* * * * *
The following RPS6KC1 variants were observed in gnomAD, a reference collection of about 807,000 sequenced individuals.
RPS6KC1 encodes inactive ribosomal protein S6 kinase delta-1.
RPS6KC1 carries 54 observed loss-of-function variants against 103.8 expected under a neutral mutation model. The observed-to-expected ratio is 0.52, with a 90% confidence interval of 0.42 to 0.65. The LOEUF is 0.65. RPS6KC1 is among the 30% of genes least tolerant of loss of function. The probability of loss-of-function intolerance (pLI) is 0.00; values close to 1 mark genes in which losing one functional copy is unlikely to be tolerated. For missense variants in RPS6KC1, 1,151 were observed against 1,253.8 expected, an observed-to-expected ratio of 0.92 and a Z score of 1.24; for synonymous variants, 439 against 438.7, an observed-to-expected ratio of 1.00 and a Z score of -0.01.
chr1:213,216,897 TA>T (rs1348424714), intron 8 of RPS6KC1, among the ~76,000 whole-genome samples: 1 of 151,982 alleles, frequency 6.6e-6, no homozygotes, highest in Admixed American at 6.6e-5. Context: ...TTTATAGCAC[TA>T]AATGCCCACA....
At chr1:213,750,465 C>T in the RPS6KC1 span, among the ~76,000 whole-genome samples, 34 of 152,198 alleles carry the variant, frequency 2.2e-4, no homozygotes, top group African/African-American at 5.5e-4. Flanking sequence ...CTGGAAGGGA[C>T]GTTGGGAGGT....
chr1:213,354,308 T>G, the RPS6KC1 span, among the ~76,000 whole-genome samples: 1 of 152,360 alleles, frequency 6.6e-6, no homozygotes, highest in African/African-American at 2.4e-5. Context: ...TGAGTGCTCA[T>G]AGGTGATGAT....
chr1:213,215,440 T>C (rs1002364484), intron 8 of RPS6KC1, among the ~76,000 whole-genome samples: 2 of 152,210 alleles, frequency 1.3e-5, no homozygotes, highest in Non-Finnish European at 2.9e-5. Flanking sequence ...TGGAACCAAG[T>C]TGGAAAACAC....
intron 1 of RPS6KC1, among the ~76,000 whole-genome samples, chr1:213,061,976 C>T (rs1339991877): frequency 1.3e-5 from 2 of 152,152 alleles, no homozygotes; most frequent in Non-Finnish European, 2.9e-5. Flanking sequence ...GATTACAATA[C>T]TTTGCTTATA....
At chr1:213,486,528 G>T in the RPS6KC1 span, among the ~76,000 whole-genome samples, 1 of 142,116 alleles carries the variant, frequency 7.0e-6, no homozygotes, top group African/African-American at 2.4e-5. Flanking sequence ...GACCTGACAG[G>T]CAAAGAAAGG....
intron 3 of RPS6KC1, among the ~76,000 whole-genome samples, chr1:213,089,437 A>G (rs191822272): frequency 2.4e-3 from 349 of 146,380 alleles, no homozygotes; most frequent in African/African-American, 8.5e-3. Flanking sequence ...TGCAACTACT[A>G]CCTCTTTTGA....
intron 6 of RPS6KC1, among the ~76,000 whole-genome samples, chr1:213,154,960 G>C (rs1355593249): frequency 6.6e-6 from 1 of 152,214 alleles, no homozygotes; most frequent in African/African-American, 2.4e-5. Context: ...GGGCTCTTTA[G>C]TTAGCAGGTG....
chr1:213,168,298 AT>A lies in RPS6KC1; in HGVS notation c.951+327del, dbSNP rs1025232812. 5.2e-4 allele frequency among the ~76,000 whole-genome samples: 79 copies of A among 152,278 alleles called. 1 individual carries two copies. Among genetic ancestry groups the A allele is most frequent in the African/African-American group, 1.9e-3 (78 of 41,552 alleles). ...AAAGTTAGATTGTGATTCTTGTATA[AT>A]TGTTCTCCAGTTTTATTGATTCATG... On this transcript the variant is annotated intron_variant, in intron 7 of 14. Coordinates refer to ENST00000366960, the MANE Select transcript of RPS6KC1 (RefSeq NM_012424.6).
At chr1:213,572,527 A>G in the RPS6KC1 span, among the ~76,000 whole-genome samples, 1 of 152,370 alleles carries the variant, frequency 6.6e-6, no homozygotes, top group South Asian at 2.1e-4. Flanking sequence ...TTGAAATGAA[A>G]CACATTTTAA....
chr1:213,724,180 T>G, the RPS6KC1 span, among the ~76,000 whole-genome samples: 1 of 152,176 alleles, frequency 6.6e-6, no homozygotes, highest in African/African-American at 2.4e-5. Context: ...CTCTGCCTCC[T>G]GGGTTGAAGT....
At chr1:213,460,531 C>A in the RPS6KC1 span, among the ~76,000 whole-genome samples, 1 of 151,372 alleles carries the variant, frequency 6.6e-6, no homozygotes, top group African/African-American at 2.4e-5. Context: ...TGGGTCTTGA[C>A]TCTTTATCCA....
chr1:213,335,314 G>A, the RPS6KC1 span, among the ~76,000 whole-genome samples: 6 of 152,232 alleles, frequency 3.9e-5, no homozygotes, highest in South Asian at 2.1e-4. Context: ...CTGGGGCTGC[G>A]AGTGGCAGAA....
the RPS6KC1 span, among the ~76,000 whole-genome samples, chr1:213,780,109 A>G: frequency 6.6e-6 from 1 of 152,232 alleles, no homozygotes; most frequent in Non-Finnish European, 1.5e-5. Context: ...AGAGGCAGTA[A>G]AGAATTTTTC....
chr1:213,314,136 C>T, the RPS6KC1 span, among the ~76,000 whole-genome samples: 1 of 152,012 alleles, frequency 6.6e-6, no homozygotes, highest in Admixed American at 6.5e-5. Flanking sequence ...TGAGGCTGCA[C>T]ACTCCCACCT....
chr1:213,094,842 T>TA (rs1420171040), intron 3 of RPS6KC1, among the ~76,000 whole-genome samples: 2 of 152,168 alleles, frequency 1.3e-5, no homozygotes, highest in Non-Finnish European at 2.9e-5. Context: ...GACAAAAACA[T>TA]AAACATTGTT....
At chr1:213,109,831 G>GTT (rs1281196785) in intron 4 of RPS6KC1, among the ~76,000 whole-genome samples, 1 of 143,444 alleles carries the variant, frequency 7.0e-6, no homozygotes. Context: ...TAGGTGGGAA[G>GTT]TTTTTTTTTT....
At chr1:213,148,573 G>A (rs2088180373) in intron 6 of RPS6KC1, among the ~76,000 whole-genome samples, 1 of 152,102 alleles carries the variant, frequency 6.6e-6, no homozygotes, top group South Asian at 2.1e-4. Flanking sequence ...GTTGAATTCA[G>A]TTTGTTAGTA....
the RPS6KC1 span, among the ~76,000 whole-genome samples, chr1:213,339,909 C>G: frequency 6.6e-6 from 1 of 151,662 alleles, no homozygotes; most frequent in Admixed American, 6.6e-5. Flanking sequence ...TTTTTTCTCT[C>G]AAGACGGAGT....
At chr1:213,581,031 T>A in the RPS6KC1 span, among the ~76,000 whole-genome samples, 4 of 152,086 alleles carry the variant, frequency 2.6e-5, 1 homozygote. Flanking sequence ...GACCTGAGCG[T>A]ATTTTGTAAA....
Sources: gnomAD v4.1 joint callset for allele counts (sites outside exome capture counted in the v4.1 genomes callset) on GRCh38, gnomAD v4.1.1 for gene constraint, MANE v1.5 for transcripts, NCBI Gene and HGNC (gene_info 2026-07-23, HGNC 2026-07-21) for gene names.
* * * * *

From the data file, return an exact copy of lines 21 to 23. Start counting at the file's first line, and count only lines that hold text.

At chr1:213,148,573 G>A (rs2088180373) in intron 6 of RPS6KC1, among the ~76,000 whole-genome samples, 1 of 152,102 alleles carries the variant, frequency 6.6e-6, no homozygotes, top group South Asian at 2.1e-4. Flanking sequence ...GTTGAATTCA[G>A]TTTGTTAGTA....
the RPS6KC1 span, among the ~76,000 whole-genome samples, chr1:213,339,909 C>G: frequency 6.6e-6 from 1 of 151,662 alleles, no homozygotes; most frequent in Admixed American, 6.6e-5. Flanking sequence ...TTTTTTCTCT[C>G]AAGACGGAGT....
At chr1:213,581,031 T>A in the RPS6KC1 span, among the ~76,000 whole-genome samples, 4 of 152,086 alleles carry the variant, frequency 2.6e-5, 1 homozygote. Flanking sequence ...GACCTGAGCG[T>A]ATTTTGTAAA....